[Again, it’s unfortunate that our society looks down on wanderers, instead forcing many people to take on jobs that they really don’t enjoy (yes, you can find meaning in those jobs too, you can find mean in your life in anything you do, but that’s another blog!). Recently, I listened to an audio CD, “Thrive” that listed Copenhagen, Germany as one of the world’s happiest places. A huge reason for this is because people have the freedom to try different job without fear of debt or others opinions – the sacrifice is that the majority of a person’s income goes to taxes, but hey, who cares if your happy!]
My hope in writing this blog is to encourage others to embrace their “wander years” because they are important parts of our lives. It takes a lot of trust in oneself, and maybe a Higher Calling, but there is no point in worrying or getting down on yourself in these years. Our wander years having meaning and purpose, whether they are spent exploring the mountains or working at a restaurant just to get by. As long as we don’t give up and believe in ourselves, we will all find the direction we are supposed to be traveling in and reach our destinations…or destinies.

So wander on my friends, and enjoy the adventure.

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We wandered A LOT during our 2017 trip to Montana.

From February 2018:

Not All Who Wander Are Lost

“Not all who wander are lost” is a line from one of my favorite poems by J.R.R. Tolkien* from his Lord of the Rings Trilogy.  It’s become a common bumper sticker (or in my case, a car air freshener that lost its smell long, long ago), but it has always held great meaning for me.  I was able to put words to that meaning as I read the assigned readings for the week.  Bridges (2004) calls the gap between one life phase and the next the neutral zone, while Stein (1987) describes the phase of a person’s internal structures from a former identity being dissolved and new structures constellated as the liminal phase.  Personally, I can going to call this “the wandering phase”, a phase that seems aimless at first, as if one is lost in the woods at night, grasping for direction by the light of the moon, and finally begins to find purpose at the approach of sunrise.

Further building upon the work of Bridges (2004) when he describes surrender as a time when “one must give into the emptiness and stop struggling to escape it” (p.140), I liken it to the hiker who must give into the darkness, make camp, and wait until morning to find help, also acknowledging that help may come in many different ways.  Four pages later, Bridges speaks of the “wilderness”, which he reveals in Hebrew also means “sanctuary”. To extend this analogy (or truth?) one more step and call upon the work of Brene Brown when she says “there are times when standing alone feels too hard, too scary, and we’ll doubt our ability to make our way through the uncertainty…this is when you reach deep into your wild heart and remind yourself “I am the wilderness””. In that sense, we are both our own wilderness and our own sanctuary.  The gap between phase of one’s life is not an abstract place, but a place when one needs to go inside oneself and seek one’s own truth.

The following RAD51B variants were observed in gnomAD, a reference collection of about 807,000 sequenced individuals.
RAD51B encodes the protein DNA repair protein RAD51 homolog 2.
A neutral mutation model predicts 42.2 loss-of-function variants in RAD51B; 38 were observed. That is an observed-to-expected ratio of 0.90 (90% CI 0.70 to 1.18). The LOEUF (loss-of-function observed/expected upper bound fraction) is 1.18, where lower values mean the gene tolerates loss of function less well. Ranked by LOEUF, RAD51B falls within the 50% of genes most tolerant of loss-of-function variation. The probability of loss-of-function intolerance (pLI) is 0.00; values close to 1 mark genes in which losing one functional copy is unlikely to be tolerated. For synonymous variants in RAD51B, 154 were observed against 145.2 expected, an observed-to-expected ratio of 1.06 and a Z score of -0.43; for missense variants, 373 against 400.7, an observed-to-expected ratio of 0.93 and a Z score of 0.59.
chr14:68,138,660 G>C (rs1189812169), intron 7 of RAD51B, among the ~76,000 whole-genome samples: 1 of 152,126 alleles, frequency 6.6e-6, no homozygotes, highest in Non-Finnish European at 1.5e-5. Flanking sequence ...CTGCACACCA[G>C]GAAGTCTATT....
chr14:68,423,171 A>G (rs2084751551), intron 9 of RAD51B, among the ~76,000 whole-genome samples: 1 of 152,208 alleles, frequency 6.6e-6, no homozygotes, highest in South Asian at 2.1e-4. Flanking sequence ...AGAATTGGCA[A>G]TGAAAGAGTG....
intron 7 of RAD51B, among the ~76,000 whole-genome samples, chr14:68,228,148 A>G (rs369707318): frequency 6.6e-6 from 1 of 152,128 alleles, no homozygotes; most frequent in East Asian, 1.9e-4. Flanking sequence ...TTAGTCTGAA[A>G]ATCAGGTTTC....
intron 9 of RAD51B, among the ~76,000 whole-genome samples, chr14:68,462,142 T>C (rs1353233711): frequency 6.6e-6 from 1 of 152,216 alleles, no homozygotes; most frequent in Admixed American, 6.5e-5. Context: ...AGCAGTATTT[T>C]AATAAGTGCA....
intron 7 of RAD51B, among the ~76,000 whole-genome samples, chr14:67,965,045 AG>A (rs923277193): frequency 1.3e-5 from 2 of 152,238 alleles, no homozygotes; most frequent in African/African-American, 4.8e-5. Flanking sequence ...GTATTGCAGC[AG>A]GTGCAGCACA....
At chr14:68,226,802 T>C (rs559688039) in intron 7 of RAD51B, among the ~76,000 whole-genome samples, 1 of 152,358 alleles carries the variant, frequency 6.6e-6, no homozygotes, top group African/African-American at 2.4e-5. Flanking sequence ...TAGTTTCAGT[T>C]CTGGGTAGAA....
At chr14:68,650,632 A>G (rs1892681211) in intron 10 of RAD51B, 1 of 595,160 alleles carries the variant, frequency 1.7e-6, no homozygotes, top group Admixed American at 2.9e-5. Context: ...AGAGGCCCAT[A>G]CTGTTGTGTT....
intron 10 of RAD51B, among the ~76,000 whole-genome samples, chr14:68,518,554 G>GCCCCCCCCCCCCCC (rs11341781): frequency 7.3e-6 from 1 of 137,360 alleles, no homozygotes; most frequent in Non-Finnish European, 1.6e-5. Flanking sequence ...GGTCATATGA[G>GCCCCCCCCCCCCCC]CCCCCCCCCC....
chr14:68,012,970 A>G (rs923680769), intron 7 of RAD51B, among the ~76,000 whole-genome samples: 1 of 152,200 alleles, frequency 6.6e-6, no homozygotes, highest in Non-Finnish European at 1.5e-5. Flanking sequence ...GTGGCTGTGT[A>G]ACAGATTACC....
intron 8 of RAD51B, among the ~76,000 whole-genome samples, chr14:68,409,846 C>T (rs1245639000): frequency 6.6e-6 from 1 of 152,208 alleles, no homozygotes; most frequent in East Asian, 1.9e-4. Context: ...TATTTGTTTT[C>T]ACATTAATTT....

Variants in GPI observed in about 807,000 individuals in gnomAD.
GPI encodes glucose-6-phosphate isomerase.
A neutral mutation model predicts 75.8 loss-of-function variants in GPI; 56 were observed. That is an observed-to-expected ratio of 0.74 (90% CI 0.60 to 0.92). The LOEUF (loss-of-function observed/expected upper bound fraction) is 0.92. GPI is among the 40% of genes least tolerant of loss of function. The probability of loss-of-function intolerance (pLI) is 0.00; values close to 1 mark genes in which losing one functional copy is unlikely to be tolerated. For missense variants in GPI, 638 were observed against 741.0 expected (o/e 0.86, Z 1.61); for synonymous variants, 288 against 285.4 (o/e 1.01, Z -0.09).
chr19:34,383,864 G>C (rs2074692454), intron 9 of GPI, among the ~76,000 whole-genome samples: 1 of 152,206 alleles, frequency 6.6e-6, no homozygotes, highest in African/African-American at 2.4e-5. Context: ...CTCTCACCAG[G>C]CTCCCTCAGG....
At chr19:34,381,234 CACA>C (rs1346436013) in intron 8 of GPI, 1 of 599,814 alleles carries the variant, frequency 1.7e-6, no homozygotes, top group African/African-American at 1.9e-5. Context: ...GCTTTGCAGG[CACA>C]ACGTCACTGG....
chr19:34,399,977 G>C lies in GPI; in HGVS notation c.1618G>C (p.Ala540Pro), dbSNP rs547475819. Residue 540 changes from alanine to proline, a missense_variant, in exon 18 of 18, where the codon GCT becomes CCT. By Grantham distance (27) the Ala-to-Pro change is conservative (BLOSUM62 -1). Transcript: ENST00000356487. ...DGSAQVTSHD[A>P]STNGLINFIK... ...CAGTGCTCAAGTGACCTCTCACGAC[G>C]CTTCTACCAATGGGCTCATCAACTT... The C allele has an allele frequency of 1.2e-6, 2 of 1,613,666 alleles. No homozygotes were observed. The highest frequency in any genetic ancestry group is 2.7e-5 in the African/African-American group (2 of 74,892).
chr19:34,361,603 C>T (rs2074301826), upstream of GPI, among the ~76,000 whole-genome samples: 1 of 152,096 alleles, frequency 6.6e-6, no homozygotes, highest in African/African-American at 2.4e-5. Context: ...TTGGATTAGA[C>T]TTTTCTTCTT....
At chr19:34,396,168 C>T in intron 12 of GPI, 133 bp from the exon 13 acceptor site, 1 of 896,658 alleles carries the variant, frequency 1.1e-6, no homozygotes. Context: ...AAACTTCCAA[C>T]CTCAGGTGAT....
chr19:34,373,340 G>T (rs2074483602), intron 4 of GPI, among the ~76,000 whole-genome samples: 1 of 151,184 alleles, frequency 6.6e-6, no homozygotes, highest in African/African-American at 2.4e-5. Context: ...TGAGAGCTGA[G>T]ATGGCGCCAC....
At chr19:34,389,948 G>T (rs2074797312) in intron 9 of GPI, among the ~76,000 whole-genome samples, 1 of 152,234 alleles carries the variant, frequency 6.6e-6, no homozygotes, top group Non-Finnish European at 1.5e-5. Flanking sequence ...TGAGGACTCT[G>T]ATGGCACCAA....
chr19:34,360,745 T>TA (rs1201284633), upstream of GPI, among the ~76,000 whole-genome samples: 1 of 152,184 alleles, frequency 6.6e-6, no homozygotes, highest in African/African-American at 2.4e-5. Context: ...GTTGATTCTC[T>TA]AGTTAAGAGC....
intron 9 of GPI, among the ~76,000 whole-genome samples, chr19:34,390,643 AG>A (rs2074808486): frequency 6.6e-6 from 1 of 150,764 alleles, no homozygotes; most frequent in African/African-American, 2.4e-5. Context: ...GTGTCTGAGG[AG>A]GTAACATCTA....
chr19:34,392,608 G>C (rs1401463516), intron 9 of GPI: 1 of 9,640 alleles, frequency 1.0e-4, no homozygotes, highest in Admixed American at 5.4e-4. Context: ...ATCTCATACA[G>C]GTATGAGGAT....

The Hine (1987) reading reminded me of my own ceremony during a transitional phase in my life a year ago, though at the time I did not call it such.  It was just something that I felt called to do, which, when reading, alleviated my anxiety in being creative enough to create a ritual.  During this time, I was doing my best to surrender my identity as an competitive athlete.  In the year and a half previous to my ceremony, lots of tears, frustration, and anger ensued. Finally, after a lot of praying, journalist, and soul searching, I was able to begin to let go. I wrote a letter to my “old legs” and then, on Christmas Eve at dusk, I buried the letter into one of my favorite trees in the Cuyahoga Valley National Park.  This ceremony, like the ones described by Hines (1987) helped me to begin to find gratitude for my past self and embrace who I was, and still am, becoming.

 

References

Bridges, W. (2004). Transitions: Making Sense of Life’s Changes. Cambridge, MA: Da Capo Press.

Hine, V. (1987). Self-created ceremonies of passage. In Mahdi, L. M., Foster, S., & Little, M., Betwixt & Between: Patterns of masculine and feminine initiation (pp. 304-326). La Salle, IL: Open Court Publishing Company.

Stein, J. O., & Stein, M. (1987). Psychotherapy, initiation and the midlife transition. In Mahdi, L. M., Foster, S., & Little, M., Betwixt & Between: Patterns of masculine and feminine initiation (pp. 287-301). La Salle, IL: Open Court Publishing Company.

https://themarblejar.com/products/i-am-the-wilderness-print

*

All that is gold does not glitter,
Not all those who wander are lost;
The old that is strong does not wither,
Deep roots are not reached by the frost.
From the ashes, a fire shall be woken,
A light from the shadows shall spring;
Renewed shall be blade that was broken,
The crownless again shall be king -J.R.R. Tolkien, The Fellowship of the Ring

 

A Lesson on Love, From the Dog: How Pacer has Taught Me to Love Unconditionally

5/29/2018

This is actually from my old blog and is about 4 years old.  However, it seemed fitting to share again on this blog.

[I’ve written other blogs previously on lessons we learn for dogs, but I believe the greatest lesson these four-legged and furry animals (or should I say sons, daughters, sisters, brothers, nieces, nephews, grand dogs, etc.?) teach us is about love, and what it truly means to love.]

“Dear God, please help me to love myself as Pacer loves me.”

I wrote these words in my journal, not very long ago.